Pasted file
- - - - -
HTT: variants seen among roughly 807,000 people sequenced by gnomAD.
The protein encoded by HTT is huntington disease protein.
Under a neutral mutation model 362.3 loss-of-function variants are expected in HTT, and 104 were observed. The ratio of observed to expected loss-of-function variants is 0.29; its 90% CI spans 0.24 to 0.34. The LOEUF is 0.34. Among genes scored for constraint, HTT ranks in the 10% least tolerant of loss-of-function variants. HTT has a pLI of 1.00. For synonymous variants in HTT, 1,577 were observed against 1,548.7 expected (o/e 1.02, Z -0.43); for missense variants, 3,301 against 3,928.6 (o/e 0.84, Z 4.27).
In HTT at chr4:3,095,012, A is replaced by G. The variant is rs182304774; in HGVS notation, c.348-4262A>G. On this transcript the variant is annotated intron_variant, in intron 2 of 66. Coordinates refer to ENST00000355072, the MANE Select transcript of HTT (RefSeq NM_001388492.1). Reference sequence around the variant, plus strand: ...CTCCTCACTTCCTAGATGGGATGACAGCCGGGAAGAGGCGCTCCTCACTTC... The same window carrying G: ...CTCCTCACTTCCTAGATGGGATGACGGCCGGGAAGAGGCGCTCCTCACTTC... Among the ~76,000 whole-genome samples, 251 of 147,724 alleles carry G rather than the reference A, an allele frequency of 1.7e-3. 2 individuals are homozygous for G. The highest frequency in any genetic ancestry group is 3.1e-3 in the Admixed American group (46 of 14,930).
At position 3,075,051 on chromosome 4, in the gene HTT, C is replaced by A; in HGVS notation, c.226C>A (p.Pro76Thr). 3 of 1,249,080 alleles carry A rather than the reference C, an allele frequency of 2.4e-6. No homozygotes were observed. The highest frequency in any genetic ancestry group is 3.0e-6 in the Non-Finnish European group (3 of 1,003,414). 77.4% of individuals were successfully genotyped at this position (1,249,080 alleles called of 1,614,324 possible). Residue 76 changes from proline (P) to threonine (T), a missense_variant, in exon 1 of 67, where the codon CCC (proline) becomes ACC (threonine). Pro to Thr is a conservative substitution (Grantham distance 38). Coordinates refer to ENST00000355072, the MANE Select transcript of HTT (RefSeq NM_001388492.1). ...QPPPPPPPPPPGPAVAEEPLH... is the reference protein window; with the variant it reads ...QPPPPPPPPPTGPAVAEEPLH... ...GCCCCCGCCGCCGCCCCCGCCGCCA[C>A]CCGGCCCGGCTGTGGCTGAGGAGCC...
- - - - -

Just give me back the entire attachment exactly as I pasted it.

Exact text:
HTT: variants seen among roughly 807,000 people sequenced by gnomAD.
The protein encoded by HTT is huntington disease protein.
Under a neutral mutation model 362.3 loss-of-function variants are expected in HTT, and 104 were observed. The ratio of observed to expected loss-of-function variants is 0.29; its 90% CI spans 0.24 to 0.34. The LOEUF is 0.34. Among genes scored for constraint, HTT ranks in the 10% least tolerant of loss-of-function variants. HTT has a pLI of 1.00. For synonymous variants in HTT, 1,577 were observed against 1,548.7 expected (o/e 1.02, Z -0.43); for missense variants, 3,301 against 3,928.6 (o/e 0.84, Z 4.27).
In HTT at chr4:3,095,012, A is replaced by G. The variant is rs182304774; in HGVS notation, c.348-4262A>G. On this transcript the variant is annotated intron_variant, in intron 2 of 66. Coordinates refer to ENST00000355072, the MANE Select transcript of HTT (RefSeq NM_001388492.1). Reference sequence around the variant, plus strand: ...CTCCTCACTTCCTAGATGGGATGACAGCCGGGAAGAGGCGCTCCTCACTTC... The same window carrying G: ...CTCCTCACTTCCTAGATGGGATGACGGCCGGGAAGAGGCGCTCCTCACTTC... Among the ~76,000 whole-genome samples, 251 of 147,724 alleles carry G rather than the reference A, an allele frequency of 1.7e-3. 2 individuals are homozygous for G. The highest frequency in any genetic ancestry group is 3.1e-3 in the Admixed American group (46 of 14,930).
At position 3,075,051 on chromosome 4, in the gene HTT, C is replaced by A; in HGVS notation, c.226C>A (p.Pro76Thr). 3 of 1,249,080 alleles carry A rather than the reference C, an allele frequency of 2.4e-6. No homozygotes were observed. The highest frequency in any genetic ancestry group is 3.0e-6 in the Non-Finnish European group (3 of 1,003,414). 77.4% of individuals were successfully genotyped at this position (1,249,080 alleles called of 1,614,324 possible). Residue 76 changes from proline (P) to threonine (T), a missense_variant, in exon 1 of 67, where the codon CCC (proline) becomes ACC (threonine). Pro to Thr is a conservative substitution (Grantham distance 38). Coordinates refer to ENST00000355072, the MANE Select transcript of HTT (RefSeq NM_001388492.1). ...QPPPPPPPPPPGPAVAEEPLH... is the reference protein window; with the variant it reads ...QPPPPPPPPPTGPAVAEEPLH... ...GCCCCCGCCGCCGCCCCCGCCGCCA[C>A]CCGGCCCGGCTGTGGCTGAGGAGCC...